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Storm ahead in 2023? 10 tips to get the most out of your investment

Published 12/07/2022, 02:31 AM
Updated 12/07/2022, 03:04 AM
© Reuters.

By Laura Sánchez - European markets are volatile on Wednesday - IBEX 35, CAC 40, DAX... - after a session of falls yesterday on Wall Street in the face of different pessimistic forecasts for 2023.

The effects of tighter monetary policy, high inflation, and slowing growth will last until 2023, according to experts. However, once real interest rates peak, the economic cycle will turn, creating opportunities to increase portfolio allocations to risky assets.

In the current uncertain situation, Stéphane Monier, CIO of Lombard Odier Private Bank, discusses 10 recommendations for investing in 2023 to achieve maximum returns:

1. A pivot year: look for the inflection point

The tightening of monetary policy in the Western world, amid a global slowdown in economic activity, translates into an unfavorable configuration for risk assets. Recession and further cuts in corporate earnings expectations are the main downside risks for both equities and bonds.

Peak real rates should provide a turning point in the markets. To do so, the Fed will have to interrupt its rate hike cycle as inflation slows and unemployment rises. "As this inflection point approaches, we will gradually increase risk levels in portfolios by adding more duration in government bonds and gold, as well as some equities and credits," says Monier.

2. Underweight risk assets for now

Macroeconomic conditions warrant cautious exposure to risky assets, focusing instead on assets that can better withstand the impact of weaker growth or higher rates. Specifically, this means holding quality equities, government bonds, and investment-grade credit. It also means overweighting cash positions in order to be able to invest as soon as we see opportunities.

3. Going for quality and diversification

In the coming months, we are likely to see new lows in equity markets as high borrowing costs limit the expansion of company multiples and earnings estimates continue to adjust to recessions. Against this backdrop, quality companies with low earnings volatility and a greater ability to defend their margins are good choices.

These stocks tend to outperform in recessions or when earnings decline. In terms of quality sectors, healthcare is notable, as it enjoys high margins and some insulation from inflation, due to its high pricing power and attractive shareholder returns. It is also important to note that its valuations remain undemanding compared to other defensive growth sectors.

4. Asymmetric return profiles

Options strategies, such as put spreads over equity indices, can protect portfolios from declines in the coming months. For this reason, "at Lombard Odier, we have hedged portfolios throughout 2022 and will continue to manage them tactically depending on market conditions," says Monier.

5. Seek diversification through alternatives

Given that market conditions will remain relatively challenging, it is advisable to favor resilient hedge fund strategies such as global macro, discretionary, and quantitative. These should provide diversification, as they tend to benefit from performance dispersion across asset classes and regions. Their typically convex profiles, designed to perform over more extreme periods, should benefit from the volatile environment with limited correlation to underlying markets. Some relative value strategies should also offer attractive returns once rates stabilize.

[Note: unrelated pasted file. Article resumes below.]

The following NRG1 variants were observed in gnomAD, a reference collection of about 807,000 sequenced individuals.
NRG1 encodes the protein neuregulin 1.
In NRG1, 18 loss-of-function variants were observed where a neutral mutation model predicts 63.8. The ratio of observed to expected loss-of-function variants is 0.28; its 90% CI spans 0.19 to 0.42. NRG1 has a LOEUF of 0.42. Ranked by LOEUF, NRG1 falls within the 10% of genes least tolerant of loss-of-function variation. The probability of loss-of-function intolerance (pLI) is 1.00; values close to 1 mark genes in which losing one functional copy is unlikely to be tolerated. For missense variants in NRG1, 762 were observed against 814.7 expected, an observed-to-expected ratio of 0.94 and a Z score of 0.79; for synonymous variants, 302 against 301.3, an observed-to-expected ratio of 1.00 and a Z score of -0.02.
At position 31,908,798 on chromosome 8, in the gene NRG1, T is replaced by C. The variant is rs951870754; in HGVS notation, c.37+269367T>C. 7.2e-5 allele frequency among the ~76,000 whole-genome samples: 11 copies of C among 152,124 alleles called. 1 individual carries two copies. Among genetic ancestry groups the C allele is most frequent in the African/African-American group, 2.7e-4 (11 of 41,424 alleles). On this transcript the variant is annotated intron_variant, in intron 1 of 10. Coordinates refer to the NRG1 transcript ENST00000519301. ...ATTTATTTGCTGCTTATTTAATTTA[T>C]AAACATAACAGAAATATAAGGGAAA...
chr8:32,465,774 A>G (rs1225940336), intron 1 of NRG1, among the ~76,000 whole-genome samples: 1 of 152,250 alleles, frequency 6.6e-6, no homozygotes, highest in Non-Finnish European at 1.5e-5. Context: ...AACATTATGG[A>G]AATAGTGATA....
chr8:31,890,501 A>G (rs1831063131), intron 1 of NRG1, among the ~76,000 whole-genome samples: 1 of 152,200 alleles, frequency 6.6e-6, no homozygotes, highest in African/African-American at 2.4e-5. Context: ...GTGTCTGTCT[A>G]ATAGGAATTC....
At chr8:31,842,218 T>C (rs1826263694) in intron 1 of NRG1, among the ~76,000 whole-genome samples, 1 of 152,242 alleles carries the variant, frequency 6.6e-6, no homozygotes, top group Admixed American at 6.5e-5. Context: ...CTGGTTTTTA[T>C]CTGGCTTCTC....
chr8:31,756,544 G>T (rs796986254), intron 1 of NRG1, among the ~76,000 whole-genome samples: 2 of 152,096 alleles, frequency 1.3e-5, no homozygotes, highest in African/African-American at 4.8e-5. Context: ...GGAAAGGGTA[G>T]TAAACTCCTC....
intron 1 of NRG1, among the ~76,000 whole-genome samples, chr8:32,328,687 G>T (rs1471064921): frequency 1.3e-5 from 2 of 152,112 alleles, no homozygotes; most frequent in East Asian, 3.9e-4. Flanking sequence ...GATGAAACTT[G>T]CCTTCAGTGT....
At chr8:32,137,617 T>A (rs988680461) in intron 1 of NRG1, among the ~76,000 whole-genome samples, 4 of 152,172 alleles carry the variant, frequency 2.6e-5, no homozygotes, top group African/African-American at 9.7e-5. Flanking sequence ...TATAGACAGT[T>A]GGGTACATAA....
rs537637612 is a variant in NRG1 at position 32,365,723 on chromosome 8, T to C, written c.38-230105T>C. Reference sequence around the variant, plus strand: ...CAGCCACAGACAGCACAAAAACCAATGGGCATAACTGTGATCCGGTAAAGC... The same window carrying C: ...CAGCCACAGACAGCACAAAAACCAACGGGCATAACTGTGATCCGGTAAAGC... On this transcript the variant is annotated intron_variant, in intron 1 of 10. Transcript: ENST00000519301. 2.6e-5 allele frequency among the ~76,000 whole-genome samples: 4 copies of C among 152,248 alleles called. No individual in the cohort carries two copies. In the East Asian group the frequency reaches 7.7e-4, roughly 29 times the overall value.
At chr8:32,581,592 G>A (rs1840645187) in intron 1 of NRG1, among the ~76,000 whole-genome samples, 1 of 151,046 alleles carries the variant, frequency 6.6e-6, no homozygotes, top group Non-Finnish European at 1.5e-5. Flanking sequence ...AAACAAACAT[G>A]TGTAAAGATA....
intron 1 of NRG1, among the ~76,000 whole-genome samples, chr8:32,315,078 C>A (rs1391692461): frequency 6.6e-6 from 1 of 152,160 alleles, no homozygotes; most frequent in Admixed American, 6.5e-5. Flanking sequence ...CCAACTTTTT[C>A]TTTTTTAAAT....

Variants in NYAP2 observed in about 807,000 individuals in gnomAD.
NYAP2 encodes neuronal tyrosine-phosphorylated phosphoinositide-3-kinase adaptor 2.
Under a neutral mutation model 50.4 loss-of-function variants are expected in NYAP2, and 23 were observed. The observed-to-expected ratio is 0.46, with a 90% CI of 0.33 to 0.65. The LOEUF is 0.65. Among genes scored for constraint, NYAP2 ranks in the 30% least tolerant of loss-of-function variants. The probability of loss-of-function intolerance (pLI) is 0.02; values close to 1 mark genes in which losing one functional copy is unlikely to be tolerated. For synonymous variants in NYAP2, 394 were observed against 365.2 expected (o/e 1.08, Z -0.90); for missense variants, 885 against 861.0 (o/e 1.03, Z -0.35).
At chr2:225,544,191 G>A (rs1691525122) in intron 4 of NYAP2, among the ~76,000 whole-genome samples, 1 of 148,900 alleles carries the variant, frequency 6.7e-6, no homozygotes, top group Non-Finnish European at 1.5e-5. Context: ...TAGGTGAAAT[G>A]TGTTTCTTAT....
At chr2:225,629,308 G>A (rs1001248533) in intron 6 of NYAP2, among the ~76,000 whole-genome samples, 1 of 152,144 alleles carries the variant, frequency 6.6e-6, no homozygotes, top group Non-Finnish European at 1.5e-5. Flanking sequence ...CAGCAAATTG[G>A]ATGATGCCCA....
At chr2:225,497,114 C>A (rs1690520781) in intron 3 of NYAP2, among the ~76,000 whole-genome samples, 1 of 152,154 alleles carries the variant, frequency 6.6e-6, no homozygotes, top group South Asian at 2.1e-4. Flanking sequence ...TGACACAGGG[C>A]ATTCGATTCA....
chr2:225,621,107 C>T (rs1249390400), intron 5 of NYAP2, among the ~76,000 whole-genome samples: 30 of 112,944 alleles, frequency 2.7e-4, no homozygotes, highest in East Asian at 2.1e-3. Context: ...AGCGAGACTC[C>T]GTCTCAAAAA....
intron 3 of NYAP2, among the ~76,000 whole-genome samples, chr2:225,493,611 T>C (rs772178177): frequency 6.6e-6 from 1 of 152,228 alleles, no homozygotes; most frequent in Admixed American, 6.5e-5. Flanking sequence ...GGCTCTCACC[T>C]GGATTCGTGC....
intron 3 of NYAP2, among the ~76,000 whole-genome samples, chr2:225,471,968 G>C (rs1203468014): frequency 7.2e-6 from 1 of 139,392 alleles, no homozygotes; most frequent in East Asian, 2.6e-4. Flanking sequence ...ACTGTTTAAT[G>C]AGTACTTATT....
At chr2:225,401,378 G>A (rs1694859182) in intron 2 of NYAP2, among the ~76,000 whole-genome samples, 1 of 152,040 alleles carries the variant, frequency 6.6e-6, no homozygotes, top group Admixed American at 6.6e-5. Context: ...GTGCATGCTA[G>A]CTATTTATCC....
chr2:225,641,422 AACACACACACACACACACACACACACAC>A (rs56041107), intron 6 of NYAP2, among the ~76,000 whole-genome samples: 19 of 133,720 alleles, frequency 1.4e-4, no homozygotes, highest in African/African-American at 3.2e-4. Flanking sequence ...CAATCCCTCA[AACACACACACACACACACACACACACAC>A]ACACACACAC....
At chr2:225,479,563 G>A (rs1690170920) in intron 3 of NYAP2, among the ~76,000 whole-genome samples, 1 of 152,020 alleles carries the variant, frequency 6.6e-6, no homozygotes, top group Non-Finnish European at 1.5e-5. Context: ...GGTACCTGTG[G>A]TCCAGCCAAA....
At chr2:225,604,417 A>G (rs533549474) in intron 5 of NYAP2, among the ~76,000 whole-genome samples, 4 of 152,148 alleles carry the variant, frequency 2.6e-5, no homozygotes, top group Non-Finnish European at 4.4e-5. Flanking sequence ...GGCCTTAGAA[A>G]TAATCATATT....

6. Dollar strength will continue

The strength of the dollar should continue in the coming months, supported by rate differentials, liquidity tightening, and US trade issues. Other currencies supported in this context are the Swiss franc and potentially the Japanese yen. Euro and pound sterling should lag as they suffer from more structural issues related to the energy shock. The Chinese yuan should also underperform as the country's strong balance of payments begins to weaken.

7. Increased attractiveness of gold

For much of 2022, gold prices were caught between support from geopolitical and recession risks, and downward pressures from real rates and the strong dollar. For Monier, "with lower rates, a weaker dollar and a re-opening China, gold prices should rise. In October, we sold short positions on gold as a potential means of bringing our position back to neutral."

8. High-yield credit increasingly attractive

As investor sentiment improves, appetite for risky assets will increase. Once high-yield credit spreads better reflect the price of a recession and rates have stabilized, carry in this segment will become more attractive than investment grade and sovereign bonds.

9. Equities as a buying opportunity

As inflation and the threat of higher rates begin to fade, equity valuations and multiples will benefit. Easing financial conditions will cause investor sentiment to improve and, in turn, price-to-earnings ratios to widen. By mid-2023, earnings and sales expectations will be revised downward, and markets will begin to look ahead to 2024 and the recovery from the cyclical slowdown. This will offer opportunities to add exposure to cyclical and growth names.

10. Emerging market equities and local currency bonds

When the Fed breaks its interest rate hikes cycle as inflation slows and unemployment rises, emerging assets are likely to rally. However, a change in sentiment and growth dynamics is needed. If these catalysts materialize, emerging equities will outperform developed markets and local currency emerging debt will look increasingly attractive. "While we are already gradually more constructive on emerging local rates, given well-advanced currency cycles, we expect emerging currencies to recover from low levels only when financial conditions improve," Monier concludes.

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